Mercedes 190 Fintail, the workhorse of the 1960s
There was nothing fancy about the Mercedes 190 Diesel and its successor the 200 Diesel. Half of them were either black or beige and had taxi signs on their roofs and the other half were owned by farmers, butchers, bakers etc. All of them were grossly misused, almost never serviced and had the right taillight blackened from heavy smoke pouring out of the exhaust under full load. When it was early winter morning, the time it took to start the engine was sufficient to brew yourself a cup of coffee. And once the engine ran, you woke up half the neighborhood. That was the general, albeit somewhat simplified opinion of a large percentage of the population in the 1970s of an old Mercedes diesel.
On a more positive note, they were so well built that they were regarded as utterly, even boringly dependable. They ran forever and the only reason to part with them was, when corrosion had eaten away the better part of their bodies. Then they were either sold for parts or ended up as taxi in the Middle East, providing economical transportation for millions of people for years to come. Countless Middle East and North-African families depended on the car as their sole income, because as taxi it did not ask for much, just diesel and an occasional change of oil. Even the latter was rarely granted.
But we are running with our story ahead of time. When the first fintail model was launched in 1959 in form of the six-cylinder 220S and SE, Daimler-Benz management had decided that a whole new generation of cars would be based on the new uni-body concept. Two years later the next models followed in form of the four-cylinder 190 and the venerable 300SE. Not all Mercedes Benz owners liked such a concept though. And the expensive 300SE with air-suspension was living proof of it. Despite its undeniable qualities very few customers opted for it.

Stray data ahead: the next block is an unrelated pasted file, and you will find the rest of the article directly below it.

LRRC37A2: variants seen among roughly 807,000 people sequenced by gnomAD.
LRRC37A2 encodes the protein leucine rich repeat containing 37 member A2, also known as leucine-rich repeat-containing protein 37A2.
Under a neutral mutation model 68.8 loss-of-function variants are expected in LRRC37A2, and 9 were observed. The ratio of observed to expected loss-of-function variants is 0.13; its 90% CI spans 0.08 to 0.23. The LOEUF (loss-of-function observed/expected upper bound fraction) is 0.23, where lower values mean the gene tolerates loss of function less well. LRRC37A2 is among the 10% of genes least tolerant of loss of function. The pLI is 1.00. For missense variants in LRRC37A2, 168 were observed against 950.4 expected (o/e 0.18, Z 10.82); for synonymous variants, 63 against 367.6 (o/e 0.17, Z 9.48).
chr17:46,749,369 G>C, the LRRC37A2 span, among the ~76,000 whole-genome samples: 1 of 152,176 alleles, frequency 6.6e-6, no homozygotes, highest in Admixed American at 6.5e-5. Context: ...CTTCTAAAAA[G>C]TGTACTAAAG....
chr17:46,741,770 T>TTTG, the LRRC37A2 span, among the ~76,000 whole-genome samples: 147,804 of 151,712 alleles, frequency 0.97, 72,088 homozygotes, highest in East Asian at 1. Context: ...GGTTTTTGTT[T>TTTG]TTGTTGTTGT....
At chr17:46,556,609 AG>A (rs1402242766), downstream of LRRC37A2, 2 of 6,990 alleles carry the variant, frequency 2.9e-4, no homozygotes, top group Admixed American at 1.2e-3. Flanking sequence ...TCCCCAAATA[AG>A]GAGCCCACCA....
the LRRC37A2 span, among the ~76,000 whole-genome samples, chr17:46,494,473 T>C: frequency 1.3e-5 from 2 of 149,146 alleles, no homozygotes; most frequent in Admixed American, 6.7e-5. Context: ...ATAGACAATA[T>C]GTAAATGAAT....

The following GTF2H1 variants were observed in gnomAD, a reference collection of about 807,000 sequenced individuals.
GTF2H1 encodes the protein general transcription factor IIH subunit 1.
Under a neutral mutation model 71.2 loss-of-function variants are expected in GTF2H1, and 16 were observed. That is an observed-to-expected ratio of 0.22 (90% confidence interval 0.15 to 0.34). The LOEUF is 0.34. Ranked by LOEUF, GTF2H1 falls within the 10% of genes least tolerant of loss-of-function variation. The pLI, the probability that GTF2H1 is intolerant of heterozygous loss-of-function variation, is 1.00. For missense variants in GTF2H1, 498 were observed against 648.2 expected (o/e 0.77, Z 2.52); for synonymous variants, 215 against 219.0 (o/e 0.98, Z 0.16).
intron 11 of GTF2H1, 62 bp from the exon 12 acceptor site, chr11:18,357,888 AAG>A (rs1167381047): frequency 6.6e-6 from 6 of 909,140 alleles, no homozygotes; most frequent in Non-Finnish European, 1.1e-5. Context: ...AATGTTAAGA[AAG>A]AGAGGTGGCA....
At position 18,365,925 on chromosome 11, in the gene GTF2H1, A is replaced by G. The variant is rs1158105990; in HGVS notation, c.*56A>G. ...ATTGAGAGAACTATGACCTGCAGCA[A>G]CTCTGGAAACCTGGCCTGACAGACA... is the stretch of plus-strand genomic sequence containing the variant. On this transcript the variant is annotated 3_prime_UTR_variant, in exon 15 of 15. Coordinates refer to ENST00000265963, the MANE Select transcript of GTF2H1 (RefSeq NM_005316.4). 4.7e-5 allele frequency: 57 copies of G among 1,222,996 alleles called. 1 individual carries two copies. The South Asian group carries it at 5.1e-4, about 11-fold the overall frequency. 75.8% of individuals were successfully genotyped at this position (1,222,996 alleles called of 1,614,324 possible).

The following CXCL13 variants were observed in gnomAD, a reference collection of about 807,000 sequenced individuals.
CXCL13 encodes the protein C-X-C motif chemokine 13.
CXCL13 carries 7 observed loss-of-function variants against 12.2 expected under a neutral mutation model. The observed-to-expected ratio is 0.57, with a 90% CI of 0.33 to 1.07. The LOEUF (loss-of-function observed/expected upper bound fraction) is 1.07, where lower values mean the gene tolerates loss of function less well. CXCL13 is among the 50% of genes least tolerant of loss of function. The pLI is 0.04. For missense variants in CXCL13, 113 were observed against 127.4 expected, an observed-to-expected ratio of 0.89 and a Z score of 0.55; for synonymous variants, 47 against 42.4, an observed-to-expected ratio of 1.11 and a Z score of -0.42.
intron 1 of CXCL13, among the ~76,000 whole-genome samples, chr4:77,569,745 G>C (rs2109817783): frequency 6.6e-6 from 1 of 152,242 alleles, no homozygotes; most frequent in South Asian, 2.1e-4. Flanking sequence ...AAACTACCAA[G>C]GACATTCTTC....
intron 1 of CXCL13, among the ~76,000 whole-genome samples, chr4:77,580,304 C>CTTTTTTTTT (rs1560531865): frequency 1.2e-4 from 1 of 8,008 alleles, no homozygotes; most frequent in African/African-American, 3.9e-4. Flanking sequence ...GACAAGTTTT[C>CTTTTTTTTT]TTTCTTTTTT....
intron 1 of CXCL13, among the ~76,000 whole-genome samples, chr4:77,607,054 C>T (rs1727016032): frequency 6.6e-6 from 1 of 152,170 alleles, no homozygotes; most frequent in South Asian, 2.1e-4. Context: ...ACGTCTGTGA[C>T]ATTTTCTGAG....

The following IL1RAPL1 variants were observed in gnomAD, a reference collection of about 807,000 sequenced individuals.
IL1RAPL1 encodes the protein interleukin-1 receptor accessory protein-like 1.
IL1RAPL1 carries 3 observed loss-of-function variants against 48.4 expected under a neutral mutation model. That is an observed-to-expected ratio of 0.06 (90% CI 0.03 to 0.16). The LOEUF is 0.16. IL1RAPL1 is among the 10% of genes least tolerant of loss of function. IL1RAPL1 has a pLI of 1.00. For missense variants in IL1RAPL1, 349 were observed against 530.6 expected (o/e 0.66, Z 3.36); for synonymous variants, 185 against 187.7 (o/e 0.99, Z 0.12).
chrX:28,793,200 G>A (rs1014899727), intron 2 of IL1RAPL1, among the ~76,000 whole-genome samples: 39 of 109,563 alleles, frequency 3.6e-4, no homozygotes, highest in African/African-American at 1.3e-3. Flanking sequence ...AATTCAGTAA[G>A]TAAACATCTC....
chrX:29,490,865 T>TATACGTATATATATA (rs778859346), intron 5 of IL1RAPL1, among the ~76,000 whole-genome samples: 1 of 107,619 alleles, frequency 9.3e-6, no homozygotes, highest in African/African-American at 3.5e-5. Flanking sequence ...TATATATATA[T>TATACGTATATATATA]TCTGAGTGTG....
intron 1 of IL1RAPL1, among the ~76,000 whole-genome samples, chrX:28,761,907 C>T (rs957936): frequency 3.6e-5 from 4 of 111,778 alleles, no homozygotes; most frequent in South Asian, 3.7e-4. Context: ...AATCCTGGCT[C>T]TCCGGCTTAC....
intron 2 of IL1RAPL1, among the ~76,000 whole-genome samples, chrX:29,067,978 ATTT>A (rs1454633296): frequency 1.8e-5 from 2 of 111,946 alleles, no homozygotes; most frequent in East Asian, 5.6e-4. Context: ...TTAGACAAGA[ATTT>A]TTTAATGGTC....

As they all shared the same platform, the new internally called W110 Mercedes 190 was now a fairly large automobiles. One of the few differences to its more expensive siblings was the shorter front, as the four-cylinder engines were smaller than their six-cylinder counterparts.
The Mercedes 190 had the same generous interior space as its larger and more expensive W111/W112 cousins
Six-cylinder ponton car owners had already complained in the 1950s that the four-cylinder versions would look too similar to their vehicles. That is why Daimler-Benz had altered the front of the new cars and had adopted single round headlamps instead of the vertical ones. They also incorporated the same small turn lights on both sides of the fenders plus the bumpers, they had used already on the ponton models. The rear of the car was with its smaller taillights identical to the 220b, wich served as entry ticket to Mercedes six-cylinder heaven.
Aside from the styling discussions the press loved the agility and road holding capabilities of the new Mercedes 190. Customers appreciated the space of the passenger compartment and the size of the trunk. And combined with a durable and economical diesel engine, taxi drivers in many parts of the world used the fintail for the next two decades. One of the benefits of the uni-body concept was that the cheaper cars could enjoy all the important safety features, the 220 series was applauded for.
A padded dashboard was also standard feature on the four-cylinder cars, but all wood was replaced by plastic